Late last month, Tom Hanks warned fans that a video in which he appeared to shill for dental care was in fact an AI-generated fake. And back in April, a song featuring artificially intelligent mimicry of Drake and the Weeknd went viral. Both cases illustrate the growing threat that machine-generated voice and video clones pose to brand-conscious entertainers. Now, they’re also being cited by a bipartisan group of senators pitching a draft policy that would seek to rein in so-called deep fakes.
The NO FAKES Act: A Legal Safeguard Against Unauthorized AI Cloning
The draft legislation — called the Nurture Originals, Foster Art, and Keep Entertainment Safe Act, or NO FAKES — would give both celebrities and ordinary people a legal recourse for the unauthorized AI replication of their likeness, per a discussion draft of the act. People who’ve had their voice or image replicated without their consent by artificial intelligence software could, under the act, sue for damages against both the creator of the AI clone as well as any platforms that knowingly hosted, published, or distributed it, according to the discussion draft.
This legislation is a significant step towards protecting individuals from the misuse of their digital likenesses, a concern amplified by the growing prevalence of deep fakes in the entertainment industry.
Balancing Innovation and Individual Rights
The draft also includes a number of 1st Amendment-related exceptions, including the use of digital clones for news, sports broadcasts, and documentaries, as well as in cases of “comment, criticism, scholarship, satire, or parody.”
“Generative artificial intelligence has opened doors to exciting new artistic possibilities, but it also presents unique challenges that make it easier than ever to use someone’s voice, image, or likeness without their consent,” said Sen. Chris Coons (D-Del.), one of the co-sponsors of the draft, in a written statement. “Creators around the nation are calling on Congress to lay out clear policies regulating the use and impact of generative AI, and Congress must strike the right balance to defend individual rights, abide by the First Amendment, and foster AI innovation and creativity.”
Coons is joined in his sponsorship by Sens. Marsha Blackburn (R-Tenn.), Thom Tillis (R-N.C.), and Amy Klobuchar (D-Minn.).
Seeking Public Input and Future Prospects
The discussion draft is meant to lay out general principles of what the lawmakers think legislation on the issue ought to look like, while also serving as a call for feedback. The legislators aim to introduce a bill based on the draft language in the coming months.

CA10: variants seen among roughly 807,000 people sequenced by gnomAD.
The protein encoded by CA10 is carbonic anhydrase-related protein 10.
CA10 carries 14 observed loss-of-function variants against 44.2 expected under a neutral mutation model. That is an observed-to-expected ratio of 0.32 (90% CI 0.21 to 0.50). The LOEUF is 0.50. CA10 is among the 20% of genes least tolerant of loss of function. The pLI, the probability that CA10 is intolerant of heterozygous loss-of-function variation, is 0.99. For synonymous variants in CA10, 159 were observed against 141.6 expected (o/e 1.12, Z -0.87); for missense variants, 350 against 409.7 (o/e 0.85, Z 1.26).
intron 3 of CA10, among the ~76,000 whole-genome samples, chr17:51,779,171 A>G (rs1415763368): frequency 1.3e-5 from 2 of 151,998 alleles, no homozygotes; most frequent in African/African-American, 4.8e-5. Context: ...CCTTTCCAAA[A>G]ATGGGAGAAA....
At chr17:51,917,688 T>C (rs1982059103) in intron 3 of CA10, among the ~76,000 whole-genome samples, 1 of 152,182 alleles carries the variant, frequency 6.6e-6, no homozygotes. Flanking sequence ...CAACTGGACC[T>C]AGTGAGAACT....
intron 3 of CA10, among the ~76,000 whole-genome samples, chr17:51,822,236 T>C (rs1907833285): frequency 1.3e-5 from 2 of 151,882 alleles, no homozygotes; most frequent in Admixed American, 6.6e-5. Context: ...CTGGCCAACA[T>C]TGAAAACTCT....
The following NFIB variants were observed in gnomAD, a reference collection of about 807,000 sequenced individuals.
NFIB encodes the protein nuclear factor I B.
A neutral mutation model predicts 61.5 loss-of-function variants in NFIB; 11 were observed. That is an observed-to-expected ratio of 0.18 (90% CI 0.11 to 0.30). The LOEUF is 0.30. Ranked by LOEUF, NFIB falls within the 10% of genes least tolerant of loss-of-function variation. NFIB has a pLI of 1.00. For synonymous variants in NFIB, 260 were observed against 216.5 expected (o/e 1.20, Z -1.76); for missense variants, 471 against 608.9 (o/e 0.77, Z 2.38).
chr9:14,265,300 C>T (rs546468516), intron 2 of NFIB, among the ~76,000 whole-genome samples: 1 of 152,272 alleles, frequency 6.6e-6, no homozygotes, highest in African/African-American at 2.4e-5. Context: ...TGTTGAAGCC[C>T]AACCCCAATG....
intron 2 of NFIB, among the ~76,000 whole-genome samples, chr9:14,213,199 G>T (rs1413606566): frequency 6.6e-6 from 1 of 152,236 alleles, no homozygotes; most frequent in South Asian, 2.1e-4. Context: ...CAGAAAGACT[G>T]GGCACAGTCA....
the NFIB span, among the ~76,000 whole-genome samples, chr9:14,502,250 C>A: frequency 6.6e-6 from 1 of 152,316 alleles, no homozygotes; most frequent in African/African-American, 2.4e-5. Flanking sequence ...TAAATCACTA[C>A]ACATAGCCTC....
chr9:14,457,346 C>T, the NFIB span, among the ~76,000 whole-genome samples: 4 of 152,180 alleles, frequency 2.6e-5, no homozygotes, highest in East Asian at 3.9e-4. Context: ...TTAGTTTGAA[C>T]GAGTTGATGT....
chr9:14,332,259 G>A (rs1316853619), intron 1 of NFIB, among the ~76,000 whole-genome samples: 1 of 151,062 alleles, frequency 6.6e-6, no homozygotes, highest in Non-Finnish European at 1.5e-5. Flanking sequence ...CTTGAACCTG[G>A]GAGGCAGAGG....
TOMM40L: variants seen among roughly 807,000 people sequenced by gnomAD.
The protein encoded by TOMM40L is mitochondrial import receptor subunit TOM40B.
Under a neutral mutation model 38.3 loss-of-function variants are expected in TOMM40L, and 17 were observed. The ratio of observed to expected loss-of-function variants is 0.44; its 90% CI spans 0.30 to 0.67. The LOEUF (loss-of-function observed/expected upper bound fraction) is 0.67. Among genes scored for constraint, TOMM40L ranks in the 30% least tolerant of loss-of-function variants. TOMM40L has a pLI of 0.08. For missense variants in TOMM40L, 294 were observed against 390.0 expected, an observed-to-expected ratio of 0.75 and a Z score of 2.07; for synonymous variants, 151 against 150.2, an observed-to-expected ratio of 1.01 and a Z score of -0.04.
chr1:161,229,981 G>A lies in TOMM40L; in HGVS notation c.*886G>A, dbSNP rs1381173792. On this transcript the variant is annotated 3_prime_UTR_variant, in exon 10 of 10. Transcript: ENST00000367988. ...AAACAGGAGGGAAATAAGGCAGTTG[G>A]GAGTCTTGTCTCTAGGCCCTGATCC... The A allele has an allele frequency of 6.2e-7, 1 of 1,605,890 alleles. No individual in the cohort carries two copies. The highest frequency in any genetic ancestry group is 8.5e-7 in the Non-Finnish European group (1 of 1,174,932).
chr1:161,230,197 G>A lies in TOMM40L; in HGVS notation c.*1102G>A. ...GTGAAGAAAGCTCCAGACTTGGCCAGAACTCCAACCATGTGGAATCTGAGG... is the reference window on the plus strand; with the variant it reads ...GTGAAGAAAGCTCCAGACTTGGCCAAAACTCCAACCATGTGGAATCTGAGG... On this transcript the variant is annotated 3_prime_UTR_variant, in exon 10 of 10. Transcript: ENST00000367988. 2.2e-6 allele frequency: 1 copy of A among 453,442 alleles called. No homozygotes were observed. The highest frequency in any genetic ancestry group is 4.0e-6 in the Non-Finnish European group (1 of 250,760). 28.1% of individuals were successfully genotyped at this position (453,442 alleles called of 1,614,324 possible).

Although household names such as Hanks, Drake, and the Weeknd are emphasized in the senators’ proposal, the legal recourse in question would extend to non-celebrities too.
With the NO FAKES Act, senators are working to strike a balance between protecting individual rights and fostering innovation, all while addressing the growing concern surrounding deep fakes. The proposed legislation reflects the need for clear policies to regulate generative AI and its potential impact.
For more updates on the Senators’ initiative to combat deep fakes, stay tuned.
Balancing Artistic Freedom and Privacy Protection with the NO FAKES Act
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What is the NO FAKES Act?
The NO FAKES Act, short for the "Nurture Originals, Foster Art, and Keep Entertainment Safe Act," is a bipartisan bill led by Senators Chris Coons (D-DE), Amy Klobuchar (D-MN), Thom Tillis (R-NC), and Marsha Blackburn (R-TN). This legislation is designed to introduce federal safeguards aimed at preventing the unauthorized use of voice and likeness in sound recordings and audiovisual works. What exactly is the NO FAKES Act, and how does it impact the protection of intellectual property in the entertainment industry? Find out more below.
How does the NO FAKES Act protect against deep fakes?
Should it become law, the NO FAKES Act, officially known as the "Nurture Originals, Foster Art, and Keep Entertainment Safe Act," would establish accountability for creators of AI deepfakes. In the event of unauthorized use of an individual’s likeness, this legislation would make these creators liable to civil claims, giving the original artists a legal path to seek redress. How does the NO FAKES Act provide protection against deep fakes, and what impact might it have on safeguarding personal likeness and intellectual property? The details are explained below.